What is Money Laundering?
Money laundering describes the process by which criminals make money obtained from their criminal activities (“dirty”) look legitimate ("clean").
They aim to introduce their "dirty money" into the financial system without detection or arousing suspicion. Once their "dirty money" is in the financial system, it can be transferred between different bank accounts or financial products in New Zealand or abroad, or used to purchase goods and services.
The aim of money laundering is to make this "dirty money" look like it has come from a legitimate source, and therefore difficult to connect the money with its criminal past.
What is Counter Terrorist Financing?
Terrorist Financing is the financial support of terrorists, or those who encourage, plan or engage in terrorism.
Terrorist financing may involve funds raised from legitimate sources, such as personal donations and profits from businesses and charitable organizations. It may also be drawn from criminal sources, such as the drug trade, the smuggling of weapons and other goods, fraud, kidnapping or extortion.
People who finance terrorism often use similar methods and tools to those used in money laundering.
Are Money Laundering and Terrorist Financing really an issue in New Zealand?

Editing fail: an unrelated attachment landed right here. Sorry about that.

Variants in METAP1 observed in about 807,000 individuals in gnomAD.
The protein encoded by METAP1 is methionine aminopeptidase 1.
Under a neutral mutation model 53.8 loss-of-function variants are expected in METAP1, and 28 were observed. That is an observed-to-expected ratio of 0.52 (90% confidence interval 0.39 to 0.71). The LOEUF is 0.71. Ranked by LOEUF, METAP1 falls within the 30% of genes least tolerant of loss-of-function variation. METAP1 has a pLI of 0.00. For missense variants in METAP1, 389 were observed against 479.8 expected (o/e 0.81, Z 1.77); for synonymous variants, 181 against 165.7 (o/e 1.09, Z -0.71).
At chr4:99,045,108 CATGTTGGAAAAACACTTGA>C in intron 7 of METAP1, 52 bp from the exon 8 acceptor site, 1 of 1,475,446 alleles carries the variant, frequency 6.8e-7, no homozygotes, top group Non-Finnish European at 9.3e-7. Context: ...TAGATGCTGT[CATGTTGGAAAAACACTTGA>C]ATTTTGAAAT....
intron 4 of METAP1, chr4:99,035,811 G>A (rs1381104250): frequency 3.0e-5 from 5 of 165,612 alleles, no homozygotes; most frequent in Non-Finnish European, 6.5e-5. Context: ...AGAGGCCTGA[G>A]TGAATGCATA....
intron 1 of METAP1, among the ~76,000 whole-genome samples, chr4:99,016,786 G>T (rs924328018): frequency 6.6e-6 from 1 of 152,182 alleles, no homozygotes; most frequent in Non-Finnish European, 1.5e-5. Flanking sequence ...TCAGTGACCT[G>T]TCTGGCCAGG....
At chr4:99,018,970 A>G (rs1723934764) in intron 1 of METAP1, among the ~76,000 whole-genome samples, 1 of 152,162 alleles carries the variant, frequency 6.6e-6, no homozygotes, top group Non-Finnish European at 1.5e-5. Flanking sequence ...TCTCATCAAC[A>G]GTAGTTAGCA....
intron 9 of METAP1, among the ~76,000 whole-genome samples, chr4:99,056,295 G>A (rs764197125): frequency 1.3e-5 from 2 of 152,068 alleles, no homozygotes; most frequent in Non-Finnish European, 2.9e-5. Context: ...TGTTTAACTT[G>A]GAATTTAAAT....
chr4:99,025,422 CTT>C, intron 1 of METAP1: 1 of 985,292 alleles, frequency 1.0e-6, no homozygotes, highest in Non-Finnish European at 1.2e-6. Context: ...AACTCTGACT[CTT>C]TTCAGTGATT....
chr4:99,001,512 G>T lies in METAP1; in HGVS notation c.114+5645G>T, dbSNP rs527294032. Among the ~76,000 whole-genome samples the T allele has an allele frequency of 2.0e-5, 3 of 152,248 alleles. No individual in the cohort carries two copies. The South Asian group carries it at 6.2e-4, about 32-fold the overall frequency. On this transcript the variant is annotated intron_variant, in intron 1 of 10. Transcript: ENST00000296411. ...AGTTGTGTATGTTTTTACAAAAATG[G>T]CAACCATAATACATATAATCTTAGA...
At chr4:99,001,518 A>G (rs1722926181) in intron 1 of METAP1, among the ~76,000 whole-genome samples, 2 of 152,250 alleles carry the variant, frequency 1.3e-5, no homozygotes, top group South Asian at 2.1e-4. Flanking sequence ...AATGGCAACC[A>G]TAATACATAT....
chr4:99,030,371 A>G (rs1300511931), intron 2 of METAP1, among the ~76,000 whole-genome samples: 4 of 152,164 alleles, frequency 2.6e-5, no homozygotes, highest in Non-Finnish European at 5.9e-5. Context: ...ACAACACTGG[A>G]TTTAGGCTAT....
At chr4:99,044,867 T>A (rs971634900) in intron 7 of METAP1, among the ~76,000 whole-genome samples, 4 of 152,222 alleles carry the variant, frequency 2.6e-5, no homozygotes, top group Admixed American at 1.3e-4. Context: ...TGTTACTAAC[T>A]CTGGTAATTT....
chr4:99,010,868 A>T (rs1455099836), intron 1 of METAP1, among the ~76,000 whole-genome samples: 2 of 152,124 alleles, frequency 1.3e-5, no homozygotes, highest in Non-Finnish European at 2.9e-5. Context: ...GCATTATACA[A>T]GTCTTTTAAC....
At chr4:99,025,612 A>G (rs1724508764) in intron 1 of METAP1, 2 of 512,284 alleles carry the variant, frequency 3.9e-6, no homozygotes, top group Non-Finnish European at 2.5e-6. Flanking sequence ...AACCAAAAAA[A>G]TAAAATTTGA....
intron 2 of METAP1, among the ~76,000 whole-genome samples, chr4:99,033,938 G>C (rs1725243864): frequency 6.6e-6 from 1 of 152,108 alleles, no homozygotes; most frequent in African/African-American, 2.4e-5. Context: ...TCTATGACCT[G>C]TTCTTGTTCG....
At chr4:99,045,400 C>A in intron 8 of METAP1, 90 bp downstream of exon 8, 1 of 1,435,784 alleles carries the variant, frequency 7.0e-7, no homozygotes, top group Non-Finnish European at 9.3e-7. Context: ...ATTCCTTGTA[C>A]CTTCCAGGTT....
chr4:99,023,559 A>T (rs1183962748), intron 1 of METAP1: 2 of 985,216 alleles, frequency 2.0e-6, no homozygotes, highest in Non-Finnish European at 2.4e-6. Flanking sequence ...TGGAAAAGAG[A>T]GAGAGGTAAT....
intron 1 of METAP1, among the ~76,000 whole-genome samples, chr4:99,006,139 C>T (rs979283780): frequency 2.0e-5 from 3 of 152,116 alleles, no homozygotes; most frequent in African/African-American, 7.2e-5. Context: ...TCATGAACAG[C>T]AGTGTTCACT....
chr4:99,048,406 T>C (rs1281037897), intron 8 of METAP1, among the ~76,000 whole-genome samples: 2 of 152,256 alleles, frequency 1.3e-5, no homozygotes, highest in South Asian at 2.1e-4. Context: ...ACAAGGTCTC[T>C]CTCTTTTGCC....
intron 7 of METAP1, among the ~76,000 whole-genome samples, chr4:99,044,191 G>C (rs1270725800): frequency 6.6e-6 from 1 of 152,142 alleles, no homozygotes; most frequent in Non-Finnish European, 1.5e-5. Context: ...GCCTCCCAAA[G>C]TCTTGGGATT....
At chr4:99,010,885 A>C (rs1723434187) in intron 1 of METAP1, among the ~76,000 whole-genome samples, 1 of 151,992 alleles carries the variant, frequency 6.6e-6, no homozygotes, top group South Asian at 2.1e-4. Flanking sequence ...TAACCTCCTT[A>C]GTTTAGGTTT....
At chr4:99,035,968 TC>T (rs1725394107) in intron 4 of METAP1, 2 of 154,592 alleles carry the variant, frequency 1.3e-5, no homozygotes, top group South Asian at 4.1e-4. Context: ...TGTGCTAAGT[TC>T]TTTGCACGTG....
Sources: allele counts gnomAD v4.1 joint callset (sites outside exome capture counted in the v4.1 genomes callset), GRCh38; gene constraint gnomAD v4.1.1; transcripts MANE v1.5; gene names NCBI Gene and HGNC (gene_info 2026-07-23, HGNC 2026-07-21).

Money laundering is happening every day across the country.
It’s estimated about $1.35 billion from fraud and illegal drugs is laundered through legitimate businesses in New Zealand each year.
However, the true cost and impact is many times that figure when you factor in all the crimes that generate “dirty” money and the suffering they cause.
For example, tax evaders and international criminals try to take advantage of our clean reputation to launder funds through New Zealand businesses. Crimes like fraud and illegal drug dealing take a human toll on victims, their families and the wider community.
New Zealand is also exposed to threats relating to financing of terrorism, including the potential for financiers of overseas groups within New Zealand, and overseas based groups who may seek to use New Zealand as a channel for funds. While the frequency of terrorism financing is low, the potential consequences are significant. It is important for businesses to watch for ‘red flags’ that may indicate terrorism financing activity.
When did the new AML/CFT laws take effect?
The Anti-Money Laundering and Countering Financing of Terrorism Act (AML/CFT Act) was passed in 2009. The Act and regulations came fully into effect on 30 June 2013.
From here multiple phases have been rolled out to capture different industries into the scheme, for instance the AML/CFT regime applies to real estate agents from 1st January 2019.
How do criminals Launder Money?
Criminals exploit weak points in the financial network. For example, they target businesses or professions that don’t confirm customers’ identities, or don’t have the right checks and balances in place to detect suspicious activity, activities, behaviour or financial arrangements (the financing of terrorism uses similar techniques).